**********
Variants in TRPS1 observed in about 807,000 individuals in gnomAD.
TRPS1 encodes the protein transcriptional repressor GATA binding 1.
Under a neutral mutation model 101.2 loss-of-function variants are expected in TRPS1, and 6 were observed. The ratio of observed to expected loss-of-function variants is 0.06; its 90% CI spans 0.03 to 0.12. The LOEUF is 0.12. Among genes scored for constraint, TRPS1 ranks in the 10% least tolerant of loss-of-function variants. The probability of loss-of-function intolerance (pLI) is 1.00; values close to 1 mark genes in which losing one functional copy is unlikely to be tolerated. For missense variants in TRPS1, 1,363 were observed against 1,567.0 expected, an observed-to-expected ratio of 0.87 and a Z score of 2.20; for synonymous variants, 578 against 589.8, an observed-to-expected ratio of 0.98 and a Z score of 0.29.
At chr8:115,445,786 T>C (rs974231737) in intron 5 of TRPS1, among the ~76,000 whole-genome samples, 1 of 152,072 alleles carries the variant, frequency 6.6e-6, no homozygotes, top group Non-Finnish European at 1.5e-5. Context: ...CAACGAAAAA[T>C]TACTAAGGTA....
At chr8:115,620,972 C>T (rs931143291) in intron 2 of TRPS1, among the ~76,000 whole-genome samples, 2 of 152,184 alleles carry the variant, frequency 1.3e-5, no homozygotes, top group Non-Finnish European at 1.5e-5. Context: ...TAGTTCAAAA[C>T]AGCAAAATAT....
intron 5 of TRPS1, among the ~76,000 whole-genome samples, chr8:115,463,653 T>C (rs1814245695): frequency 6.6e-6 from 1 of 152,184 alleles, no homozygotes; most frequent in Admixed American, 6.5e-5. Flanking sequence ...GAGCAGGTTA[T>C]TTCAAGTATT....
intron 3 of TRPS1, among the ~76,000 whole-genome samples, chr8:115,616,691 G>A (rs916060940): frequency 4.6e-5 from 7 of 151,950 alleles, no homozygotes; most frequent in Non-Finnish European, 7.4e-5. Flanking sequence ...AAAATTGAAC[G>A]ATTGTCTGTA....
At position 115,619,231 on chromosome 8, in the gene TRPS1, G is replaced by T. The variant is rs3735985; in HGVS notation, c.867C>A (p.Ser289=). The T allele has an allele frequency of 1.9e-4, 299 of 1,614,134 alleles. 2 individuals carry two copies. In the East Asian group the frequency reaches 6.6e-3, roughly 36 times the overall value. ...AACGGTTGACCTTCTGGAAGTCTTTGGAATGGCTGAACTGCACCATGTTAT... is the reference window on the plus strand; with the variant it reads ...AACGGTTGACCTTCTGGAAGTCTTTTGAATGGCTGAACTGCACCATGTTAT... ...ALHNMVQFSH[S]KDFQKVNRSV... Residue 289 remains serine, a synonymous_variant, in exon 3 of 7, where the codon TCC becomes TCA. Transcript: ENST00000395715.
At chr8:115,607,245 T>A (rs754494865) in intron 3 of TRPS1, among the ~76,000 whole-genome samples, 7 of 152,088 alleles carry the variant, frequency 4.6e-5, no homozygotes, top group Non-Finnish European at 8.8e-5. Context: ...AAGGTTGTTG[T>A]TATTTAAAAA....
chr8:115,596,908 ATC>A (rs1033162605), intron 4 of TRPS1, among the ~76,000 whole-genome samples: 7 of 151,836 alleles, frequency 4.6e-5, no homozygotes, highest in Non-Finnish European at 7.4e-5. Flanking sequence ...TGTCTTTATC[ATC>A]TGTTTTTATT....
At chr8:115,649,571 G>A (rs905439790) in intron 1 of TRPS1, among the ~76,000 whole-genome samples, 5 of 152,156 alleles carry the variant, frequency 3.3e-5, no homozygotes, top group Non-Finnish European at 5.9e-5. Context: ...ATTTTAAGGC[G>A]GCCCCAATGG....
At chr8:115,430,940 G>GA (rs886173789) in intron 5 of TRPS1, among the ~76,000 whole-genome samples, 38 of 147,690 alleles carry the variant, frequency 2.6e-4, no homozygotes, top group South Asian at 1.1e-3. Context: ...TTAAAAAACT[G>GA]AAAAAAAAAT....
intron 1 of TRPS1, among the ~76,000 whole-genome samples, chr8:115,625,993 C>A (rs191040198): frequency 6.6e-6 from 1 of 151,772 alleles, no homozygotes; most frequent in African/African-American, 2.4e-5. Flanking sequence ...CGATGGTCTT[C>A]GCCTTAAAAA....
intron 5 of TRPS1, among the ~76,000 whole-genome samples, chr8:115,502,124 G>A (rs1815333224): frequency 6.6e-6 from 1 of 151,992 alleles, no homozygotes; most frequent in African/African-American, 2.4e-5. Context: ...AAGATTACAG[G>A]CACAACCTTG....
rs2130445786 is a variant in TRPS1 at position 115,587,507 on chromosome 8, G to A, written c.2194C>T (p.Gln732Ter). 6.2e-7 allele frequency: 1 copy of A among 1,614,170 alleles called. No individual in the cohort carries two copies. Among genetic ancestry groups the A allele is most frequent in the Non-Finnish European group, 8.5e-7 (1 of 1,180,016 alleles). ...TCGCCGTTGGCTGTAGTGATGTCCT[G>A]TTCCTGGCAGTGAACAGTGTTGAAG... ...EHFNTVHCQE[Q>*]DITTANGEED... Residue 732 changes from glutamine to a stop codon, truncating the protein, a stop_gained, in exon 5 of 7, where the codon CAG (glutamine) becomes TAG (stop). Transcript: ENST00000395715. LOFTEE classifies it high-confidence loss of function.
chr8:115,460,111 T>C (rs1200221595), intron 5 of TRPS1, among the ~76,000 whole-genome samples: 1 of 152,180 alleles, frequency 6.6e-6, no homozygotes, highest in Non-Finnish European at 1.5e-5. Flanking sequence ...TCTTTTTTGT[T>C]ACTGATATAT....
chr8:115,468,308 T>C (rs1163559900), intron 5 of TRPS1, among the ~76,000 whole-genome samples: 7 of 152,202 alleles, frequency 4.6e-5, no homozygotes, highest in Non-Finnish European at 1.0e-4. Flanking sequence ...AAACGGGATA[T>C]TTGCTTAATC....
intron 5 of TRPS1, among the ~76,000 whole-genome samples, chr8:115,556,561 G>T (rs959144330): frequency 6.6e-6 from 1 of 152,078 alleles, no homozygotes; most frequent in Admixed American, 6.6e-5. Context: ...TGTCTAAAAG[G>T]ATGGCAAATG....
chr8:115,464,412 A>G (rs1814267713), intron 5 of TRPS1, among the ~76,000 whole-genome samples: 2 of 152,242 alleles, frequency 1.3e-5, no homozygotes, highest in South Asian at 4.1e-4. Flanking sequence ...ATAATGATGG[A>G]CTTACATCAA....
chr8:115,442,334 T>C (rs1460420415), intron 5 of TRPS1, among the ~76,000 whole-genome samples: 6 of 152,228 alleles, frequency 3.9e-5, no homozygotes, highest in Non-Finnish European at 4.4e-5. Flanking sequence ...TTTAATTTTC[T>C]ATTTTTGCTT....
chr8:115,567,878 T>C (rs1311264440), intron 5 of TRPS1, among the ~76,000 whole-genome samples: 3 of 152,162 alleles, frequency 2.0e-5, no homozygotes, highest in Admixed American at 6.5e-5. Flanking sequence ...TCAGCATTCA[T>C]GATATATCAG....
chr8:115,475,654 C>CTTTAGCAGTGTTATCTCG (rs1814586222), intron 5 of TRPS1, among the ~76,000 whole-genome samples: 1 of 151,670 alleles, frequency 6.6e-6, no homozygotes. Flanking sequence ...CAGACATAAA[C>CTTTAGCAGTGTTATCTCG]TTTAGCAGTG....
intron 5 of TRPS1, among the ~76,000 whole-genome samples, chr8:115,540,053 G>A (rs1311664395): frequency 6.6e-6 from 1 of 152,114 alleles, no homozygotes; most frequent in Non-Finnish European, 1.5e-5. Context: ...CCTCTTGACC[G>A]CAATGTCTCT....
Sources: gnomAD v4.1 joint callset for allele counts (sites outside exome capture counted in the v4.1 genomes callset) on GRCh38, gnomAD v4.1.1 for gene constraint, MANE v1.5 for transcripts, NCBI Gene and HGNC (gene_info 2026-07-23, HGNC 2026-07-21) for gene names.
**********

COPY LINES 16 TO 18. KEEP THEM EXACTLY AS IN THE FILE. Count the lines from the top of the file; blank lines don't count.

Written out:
chr8:115,460,111 T>C (rs1200221595), intron 5 of TRPS1, among the ~76,000 whole-genome samples: 1 of 152,180 alleles, frequency 6.6e-6, no homozygotes, highest in Non-Finnish European at 1.5e-5. Flanking sequence ...TCTTTTTTGT[T>C]ACTGATATAT....
chr8:115,468,308 T>C (rs1163559900), intron 5 of TRPS1, among the ~76,000 whole-genome samples: 7 of 152,202 alleles, frequency 4.6e-5, no homozygotes, highest in Non-Finnish European at 1.0e-4. Flanking sequence ...AAACGGGATA[T>C]TTGCTTAATC....
intron 5 of TRPS1, among the ~76,000 whole-genome samples, chr8:115,556,561 G>T (rs959144330): frequency 6.6e-6 from 1 of 152,078 alleles, no homozygotes; most frequent in Admixed American, 6.6e-5. Context: ...TGTCTAAAAG[G>T]ATGGCAAATG....